At first glance, the pro-Russian stance of Oikawa discussed in this article appeared to be part and parcel of his pro-Trump and conspiratorial geopolitical framing. However, as the developments after his separation from HS and HRP have shown, Oikawa maintains personal ties with Russia beyond the mere metapolitical or monetizable appropriation of Kremlin views. Oikawa, in November 2023, was invited to join a symposium entitled “The World Majority in New Realities: The Regional Dimension” at the Higher School of Economics (HSE University) in Moscow, addressing Russia’s role in what is envisaged by the organizers as a newly evolving Cold War divide. The symposium was chaired by political scientist Sergey Alexandrovich Karaganov, Head of the Council on Foreign and Defense Policy and Presidential Advisor to Putin, and mastermind behind the so-called “Karaganov Doctrine,” which aims at the protection of ethnic Russians outside Russia. One of the key topics of the conference was the discussion of trans-regional and multilateral ties between Russia and countries in the Middle East, Asia, and Africa under banner of what is called a “New World Order.” At the conference, Oikawa gave a talk entitled “The Role of Japan and Russia in the Fight for the Non-Colonial World” in his capacity as “CEO [of] Yukihisa Oikawa Institute,” and not as a former official of HS or HRP (HSE University 2023). Prior to his visit to Moscow, his inviter Galina Nikiporets-Takigawa was featured in a live video by Oikawa; in turn, she conducted an interview with him, which was published with her employer, HSE University (@oikawa_yukihisa, November 29, 2023, School of International Regional Studies 2023).

In this interview, he is introduced as “one of the three most prominent in Japan opposition and independent political analysts” [sic] (School of International Regional Studies 2023). Moreover, Oikawa was featured on the Japanese social media channels of the Russian state-owned news agency Sputnik after his visit to Moscow, commenting on the Russian-Ukrainian war (@sputnik_jp, Feb 16, 2024).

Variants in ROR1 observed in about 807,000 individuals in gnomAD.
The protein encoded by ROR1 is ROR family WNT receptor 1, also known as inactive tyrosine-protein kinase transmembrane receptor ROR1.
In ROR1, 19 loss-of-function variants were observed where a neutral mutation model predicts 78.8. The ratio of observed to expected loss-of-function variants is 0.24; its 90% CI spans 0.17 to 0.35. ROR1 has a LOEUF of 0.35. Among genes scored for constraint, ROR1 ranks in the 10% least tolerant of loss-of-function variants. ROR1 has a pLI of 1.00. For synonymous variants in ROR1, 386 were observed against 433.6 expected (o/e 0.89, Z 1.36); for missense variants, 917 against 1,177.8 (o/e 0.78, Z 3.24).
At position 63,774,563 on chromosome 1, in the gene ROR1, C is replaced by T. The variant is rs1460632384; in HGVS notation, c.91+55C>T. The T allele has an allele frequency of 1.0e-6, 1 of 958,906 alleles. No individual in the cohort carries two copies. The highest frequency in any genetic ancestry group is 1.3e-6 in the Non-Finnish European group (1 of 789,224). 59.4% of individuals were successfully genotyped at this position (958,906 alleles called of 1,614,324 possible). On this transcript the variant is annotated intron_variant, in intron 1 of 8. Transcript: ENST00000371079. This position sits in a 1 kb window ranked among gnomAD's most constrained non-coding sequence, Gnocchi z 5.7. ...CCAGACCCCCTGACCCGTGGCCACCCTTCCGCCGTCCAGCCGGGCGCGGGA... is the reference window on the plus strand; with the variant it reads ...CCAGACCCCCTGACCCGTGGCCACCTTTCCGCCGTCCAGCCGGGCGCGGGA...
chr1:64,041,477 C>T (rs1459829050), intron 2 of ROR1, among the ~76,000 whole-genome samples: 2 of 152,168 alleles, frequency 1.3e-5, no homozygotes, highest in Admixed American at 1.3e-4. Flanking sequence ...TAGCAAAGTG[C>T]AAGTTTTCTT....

Fig. 9: Oikawa as depicted for an interview for HSE University, where he was introduced as one of Japan’s most prominent oppositional politicians and political analysts (School of International Regional Studies 2023).

Given this background and his recent ties with Moscow, we conclude by arguing that Oikawa has undergone some form of repositioning. Coinciding with his parting from HS and HRP, his proximity to Russia has intensified, and a solidification of a conspiracist worldview and adaptation of Kremlin narratives can be traced throughout his media outlets. We suppose that he might be trying to position himself with a more pointed political focus as an alternative media personality from Japan with ties to international Trumpian or far-right networks in the U.S. and Russia, not unlike Tucker Carlson after his parting from FOX news and subsequent interview with Putin (The Kremlin 2024). This is a proximity between Russia and actors of the online ecosystem of the far-right that has also been documented for other countries, such as Germany (Beseler & Toepfl 2024). It is thus safe to say that Oikawa belongs to a pro-Russian far-right global network entertaining relations with actors in Russia that can range from personal ties and sponsored visits to even directly receiving financial resources for Russia’s hidden disinformation operations (cf. e.g. Nikolskaya et al. 2023, Flade et al. 2024, Scherrer 2024).